Wednesday, July 02, 2008

Commuting Cost Arithmetic

If the price of gas remains at $5 a gallon or higher, will people move back to Center Cities? Many bloggers seem to be assuming that people work in the Center City and live in the suburbs . This is a 1950s view of suburbia. Ed Glaeser and I have written about this point extensively. Haven't you read this and this ?

When people work in the suburbs, will they save many gallons of gasoline if they move to the center city? Yes, they will be closer to their center city friends and stores but they will still need to reverse commute by car to their jobs (unless they can ride the Google Bus from Center City San Fran to Mountainview).

So this raises the question of whether high gas prices will push employers to move back to the center city? Employers who need land (think of Google) will be unlikely to want to rent out 35 stories of a skyscrapper.

High gas prices are likely to LOWER gas prices at the suburban fringe making it more desirable location for firms seeking to cost minimize. As such land is less desirable as suburban housing, firms will seek it out and their employees will locate nearby with a short commute from their suburban house.

Is $5 gas a significant commute cost? This depends on your wage. Consider the following deep math;

Suppose you own a vehicle that gets 25 miles per gallon and you work 25 miles from where you work. Suppose you drive at 25 miles per hour.

Then to get to work, you need to purchase 1 gallon of gas and use 1 hour of your time.


Total One Way commute cost = price of a gallon of gas + hourly wage


Case #1: you make minimum wage = 5 + 7 = 12 and the share of expenditure on gas = 5/12

Case #2: Ivy League graduate = 5 + 100 = 105 and the share of expenditure on gas = 5/105

So this simple example highlights how the wage can swamp the price of gas for the high skilled but for the less educated, gas is a huge part of the commute cost.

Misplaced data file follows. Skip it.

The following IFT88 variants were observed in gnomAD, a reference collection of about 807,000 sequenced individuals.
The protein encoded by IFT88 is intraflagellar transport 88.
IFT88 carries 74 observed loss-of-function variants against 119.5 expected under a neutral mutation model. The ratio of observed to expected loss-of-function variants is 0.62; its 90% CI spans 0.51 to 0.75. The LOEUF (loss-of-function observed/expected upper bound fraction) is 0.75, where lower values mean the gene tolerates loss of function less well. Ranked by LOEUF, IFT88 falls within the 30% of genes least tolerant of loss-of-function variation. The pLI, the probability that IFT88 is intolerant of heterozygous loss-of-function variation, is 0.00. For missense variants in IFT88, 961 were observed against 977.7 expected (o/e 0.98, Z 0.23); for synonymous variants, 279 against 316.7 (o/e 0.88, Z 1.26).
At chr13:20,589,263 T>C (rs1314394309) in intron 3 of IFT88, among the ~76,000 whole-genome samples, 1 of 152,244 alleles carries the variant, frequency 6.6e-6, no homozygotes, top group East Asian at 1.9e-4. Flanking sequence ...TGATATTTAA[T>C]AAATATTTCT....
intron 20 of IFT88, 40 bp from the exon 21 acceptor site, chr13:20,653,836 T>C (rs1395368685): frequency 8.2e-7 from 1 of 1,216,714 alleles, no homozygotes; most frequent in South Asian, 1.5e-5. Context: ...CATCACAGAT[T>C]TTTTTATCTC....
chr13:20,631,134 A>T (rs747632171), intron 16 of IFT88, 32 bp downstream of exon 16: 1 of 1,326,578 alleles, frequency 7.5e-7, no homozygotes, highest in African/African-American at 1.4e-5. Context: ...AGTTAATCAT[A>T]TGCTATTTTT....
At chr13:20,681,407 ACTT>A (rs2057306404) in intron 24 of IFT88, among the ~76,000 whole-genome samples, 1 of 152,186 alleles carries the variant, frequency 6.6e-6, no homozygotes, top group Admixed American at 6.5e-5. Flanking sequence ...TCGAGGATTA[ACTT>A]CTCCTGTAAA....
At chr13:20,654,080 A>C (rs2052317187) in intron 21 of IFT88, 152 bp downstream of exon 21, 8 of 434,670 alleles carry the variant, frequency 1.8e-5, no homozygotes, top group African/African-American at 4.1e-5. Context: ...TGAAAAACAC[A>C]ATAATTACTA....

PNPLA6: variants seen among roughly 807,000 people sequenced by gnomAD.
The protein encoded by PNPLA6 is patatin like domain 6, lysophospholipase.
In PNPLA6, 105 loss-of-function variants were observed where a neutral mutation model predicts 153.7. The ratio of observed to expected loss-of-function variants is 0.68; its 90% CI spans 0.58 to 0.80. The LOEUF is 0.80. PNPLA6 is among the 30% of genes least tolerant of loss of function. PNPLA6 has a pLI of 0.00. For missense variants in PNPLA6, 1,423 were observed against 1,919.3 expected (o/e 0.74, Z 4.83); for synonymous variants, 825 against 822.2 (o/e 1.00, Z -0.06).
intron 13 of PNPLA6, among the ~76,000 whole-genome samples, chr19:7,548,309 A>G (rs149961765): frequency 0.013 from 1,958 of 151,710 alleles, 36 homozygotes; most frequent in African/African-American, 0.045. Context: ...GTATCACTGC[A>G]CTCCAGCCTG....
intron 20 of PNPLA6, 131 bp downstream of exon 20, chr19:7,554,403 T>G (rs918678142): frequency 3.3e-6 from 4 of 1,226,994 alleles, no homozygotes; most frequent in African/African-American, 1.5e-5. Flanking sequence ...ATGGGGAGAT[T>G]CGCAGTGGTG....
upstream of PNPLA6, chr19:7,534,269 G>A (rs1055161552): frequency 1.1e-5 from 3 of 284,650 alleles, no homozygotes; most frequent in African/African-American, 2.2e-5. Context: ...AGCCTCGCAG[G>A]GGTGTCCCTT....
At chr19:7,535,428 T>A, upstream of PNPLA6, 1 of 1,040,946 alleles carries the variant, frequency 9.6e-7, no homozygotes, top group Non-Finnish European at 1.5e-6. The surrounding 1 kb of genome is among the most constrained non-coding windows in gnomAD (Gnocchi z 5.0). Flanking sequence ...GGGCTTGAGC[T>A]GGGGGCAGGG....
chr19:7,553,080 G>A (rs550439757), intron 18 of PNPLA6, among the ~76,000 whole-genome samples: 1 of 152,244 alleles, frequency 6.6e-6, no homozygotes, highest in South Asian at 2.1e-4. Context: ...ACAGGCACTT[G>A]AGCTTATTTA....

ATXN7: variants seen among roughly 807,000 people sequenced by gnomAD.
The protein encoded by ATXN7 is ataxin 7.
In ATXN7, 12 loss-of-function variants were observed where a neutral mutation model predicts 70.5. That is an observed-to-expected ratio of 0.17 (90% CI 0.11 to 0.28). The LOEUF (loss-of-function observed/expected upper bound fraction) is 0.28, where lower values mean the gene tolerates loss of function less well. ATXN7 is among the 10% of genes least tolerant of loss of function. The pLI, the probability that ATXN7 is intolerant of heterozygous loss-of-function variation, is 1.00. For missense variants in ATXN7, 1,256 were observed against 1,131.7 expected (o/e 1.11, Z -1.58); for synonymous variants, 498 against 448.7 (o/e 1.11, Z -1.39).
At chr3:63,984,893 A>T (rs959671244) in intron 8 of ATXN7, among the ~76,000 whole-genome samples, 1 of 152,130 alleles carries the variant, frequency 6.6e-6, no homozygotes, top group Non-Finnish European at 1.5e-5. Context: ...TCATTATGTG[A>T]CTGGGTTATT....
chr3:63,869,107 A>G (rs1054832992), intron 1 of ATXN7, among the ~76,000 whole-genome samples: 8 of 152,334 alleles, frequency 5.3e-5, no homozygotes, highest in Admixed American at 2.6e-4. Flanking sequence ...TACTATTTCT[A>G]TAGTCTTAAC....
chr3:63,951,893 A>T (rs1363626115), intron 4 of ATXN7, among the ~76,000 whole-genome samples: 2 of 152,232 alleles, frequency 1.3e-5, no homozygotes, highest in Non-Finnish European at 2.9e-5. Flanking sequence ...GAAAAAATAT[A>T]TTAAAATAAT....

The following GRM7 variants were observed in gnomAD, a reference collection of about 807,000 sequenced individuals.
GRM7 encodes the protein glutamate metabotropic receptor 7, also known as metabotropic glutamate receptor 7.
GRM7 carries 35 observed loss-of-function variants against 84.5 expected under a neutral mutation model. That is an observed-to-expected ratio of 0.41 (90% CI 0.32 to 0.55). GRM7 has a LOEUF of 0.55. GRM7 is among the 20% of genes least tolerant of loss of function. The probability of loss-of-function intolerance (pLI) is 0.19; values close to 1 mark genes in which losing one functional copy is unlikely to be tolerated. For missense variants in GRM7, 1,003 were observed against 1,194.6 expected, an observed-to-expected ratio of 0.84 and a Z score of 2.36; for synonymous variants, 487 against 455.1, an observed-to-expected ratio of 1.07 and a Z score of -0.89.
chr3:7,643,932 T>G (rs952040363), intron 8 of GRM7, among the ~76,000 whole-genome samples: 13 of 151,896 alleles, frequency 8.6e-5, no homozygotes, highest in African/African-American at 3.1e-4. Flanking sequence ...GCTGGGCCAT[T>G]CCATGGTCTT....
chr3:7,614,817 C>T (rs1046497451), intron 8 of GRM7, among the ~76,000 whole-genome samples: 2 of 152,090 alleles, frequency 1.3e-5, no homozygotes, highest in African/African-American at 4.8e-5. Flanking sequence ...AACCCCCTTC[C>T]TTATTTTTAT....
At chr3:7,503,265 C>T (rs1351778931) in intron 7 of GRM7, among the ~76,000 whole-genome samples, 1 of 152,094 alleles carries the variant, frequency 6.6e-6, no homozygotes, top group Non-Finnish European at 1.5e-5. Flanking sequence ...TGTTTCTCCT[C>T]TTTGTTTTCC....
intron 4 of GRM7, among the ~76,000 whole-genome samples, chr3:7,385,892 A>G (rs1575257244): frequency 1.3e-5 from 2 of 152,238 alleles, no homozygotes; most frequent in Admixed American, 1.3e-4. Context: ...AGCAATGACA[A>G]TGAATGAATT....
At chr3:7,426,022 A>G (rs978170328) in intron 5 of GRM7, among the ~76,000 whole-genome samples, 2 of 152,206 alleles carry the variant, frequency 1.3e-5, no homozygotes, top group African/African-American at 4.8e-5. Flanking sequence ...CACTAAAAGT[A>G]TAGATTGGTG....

4 comments :

Andrew said...

I assume this is supposed to read "High gas prices are likely to LOWER _land_ prices at the suburban fringe..." and not 'gas prices' as is written. But then I don't understand this stuff very well.

Ironman said...

Very nice point regarding the gas price/wage relationship - Felix Salmon only touched on it in his post considering the math for whether moving closer to work might make sense in reducing one's commuting costs (tool here), but it's a hugely important consideration.

el duderino said...

I don't quite follow your reasoning. I believe you're saying that high gas prices will indeed bring employees closer to their places of employment. If that's true, than we'll undoubtedly see higher densities in urban areas.

Sure, "urban area" has a slightly different connotation than in the 50s. In other words, what we once considered suburban is now urban and what we once considered rural is now suburban or exurban.

Either way, we'll see higher density levels surrounding commercial cores, correct? And those commercial cores are more dense in SF or Seattle than they are in Mountain View or Redmond.

Nolan said...

El duderino is correct, nobody is saying we'll all move to center cities. MANY will, because center cities are in every case the single largest hub of job activity. That said, they rarely encompass the majority of jobs, so we will see suburban town centers and office parks emerge as centers. They were in the past and will be again. People will live close to their job, but they will also, where possible, live close to transit. Rarely will two-income households be able to locate near both jobs.

Finally, as someone with an Ivy League degree. I assure you that $100/hour is not median income for that group, and your example is a red herring anyway. There are many, many more people making between $7-30/hour than $70-100. Not comparable whatsoever. If $5-7 gas only affects people for whom the price/wage relationship is 5/30 or higher, it will be enough to radically change the landscape.